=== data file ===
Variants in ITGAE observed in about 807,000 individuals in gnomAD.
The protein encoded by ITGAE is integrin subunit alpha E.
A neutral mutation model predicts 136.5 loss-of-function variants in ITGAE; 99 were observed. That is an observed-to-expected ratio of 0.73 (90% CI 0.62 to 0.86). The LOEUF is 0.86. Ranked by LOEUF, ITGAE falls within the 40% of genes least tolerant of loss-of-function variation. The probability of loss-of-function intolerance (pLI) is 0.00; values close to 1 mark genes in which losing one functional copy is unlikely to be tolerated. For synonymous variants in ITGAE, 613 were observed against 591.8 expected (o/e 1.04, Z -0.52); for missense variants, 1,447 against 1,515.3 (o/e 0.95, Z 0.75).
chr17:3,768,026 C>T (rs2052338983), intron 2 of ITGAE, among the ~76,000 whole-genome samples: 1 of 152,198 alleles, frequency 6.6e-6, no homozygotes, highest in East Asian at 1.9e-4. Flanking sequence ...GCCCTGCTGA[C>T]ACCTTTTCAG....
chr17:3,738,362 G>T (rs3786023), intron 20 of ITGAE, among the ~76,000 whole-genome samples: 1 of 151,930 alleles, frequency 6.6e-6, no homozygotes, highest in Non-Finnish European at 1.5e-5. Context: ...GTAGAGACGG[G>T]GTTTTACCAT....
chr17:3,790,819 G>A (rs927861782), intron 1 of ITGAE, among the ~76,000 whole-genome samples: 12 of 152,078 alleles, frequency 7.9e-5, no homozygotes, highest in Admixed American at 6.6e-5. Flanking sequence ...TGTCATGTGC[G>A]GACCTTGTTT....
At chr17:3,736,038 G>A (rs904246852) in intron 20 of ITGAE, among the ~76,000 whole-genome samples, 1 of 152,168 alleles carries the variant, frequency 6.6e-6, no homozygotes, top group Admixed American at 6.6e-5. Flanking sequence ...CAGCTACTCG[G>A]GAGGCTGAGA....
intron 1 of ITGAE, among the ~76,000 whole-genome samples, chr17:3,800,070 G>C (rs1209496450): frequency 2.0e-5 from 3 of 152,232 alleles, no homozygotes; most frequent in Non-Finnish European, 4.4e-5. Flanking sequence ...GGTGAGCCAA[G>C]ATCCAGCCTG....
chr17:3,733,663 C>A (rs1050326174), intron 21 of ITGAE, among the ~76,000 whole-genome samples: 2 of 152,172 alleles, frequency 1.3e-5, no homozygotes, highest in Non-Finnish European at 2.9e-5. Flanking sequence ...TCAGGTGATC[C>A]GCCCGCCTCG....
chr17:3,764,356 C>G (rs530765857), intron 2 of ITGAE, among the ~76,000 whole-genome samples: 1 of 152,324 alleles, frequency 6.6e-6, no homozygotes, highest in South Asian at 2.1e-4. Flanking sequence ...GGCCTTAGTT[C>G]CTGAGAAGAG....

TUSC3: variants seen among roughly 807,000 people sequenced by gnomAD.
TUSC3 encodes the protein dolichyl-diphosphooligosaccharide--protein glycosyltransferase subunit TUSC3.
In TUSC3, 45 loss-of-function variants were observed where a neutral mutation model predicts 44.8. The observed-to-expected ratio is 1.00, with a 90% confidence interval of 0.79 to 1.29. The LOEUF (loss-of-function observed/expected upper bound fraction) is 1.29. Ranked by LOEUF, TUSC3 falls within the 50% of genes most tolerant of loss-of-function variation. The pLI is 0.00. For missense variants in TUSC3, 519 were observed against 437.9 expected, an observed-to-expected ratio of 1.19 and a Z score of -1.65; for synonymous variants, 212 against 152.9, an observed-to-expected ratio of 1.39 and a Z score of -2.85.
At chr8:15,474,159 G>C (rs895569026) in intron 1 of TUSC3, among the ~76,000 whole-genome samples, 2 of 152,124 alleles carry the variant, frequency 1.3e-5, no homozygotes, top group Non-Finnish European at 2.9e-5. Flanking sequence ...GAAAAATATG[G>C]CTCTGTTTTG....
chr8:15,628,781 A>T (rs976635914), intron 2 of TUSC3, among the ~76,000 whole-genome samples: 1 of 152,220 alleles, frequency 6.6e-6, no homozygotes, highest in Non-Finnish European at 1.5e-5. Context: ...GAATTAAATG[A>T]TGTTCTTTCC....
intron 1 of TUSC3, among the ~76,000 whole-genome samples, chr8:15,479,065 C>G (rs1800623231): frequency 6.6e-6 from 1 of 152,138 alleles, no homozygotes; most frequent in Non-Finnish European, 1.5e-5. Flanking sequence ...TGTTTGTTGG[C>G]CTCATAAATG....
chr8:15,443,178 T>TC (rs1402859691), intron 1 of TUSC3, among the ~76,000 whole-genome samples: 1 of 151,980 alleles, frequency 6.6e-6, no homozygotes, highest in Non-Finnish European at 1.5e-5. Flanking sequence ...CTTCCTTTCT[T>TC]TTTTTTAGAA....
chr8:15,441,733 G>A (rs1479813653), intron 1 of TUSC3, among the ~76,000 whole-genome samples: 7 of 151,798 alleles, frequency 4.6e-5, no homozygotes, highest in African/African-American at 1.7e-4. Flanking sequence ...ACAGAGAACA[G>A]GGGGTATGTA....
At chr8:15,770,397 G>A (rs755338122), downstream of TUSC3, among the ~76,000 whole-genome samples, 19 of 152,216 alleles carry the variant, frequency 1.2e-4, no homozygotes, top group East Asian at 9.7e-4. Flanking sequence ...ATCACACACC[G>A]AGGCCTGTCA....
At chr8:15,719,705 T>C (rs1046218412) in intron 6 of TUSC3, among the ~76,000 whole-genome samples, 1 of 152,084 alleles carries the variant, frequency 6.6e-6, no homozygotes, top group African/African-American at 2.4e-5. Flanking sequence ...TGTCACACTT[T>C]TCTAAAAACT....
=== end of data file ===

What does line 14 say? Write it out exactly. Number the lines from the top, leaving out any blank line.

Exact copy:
At chr8:15,474,159 G>C (rs895569026) in intron 1 of TUSC3, among the ~76,000 whole-genome samples, 2 of 152,124 alleles carry the variant, frequency 1.3e-5, no homozygotes, top group Non-Finnish European at 2.9e-5. Flanking sequence ...GAAAAATATG[G>C]CTCTGTTTTG....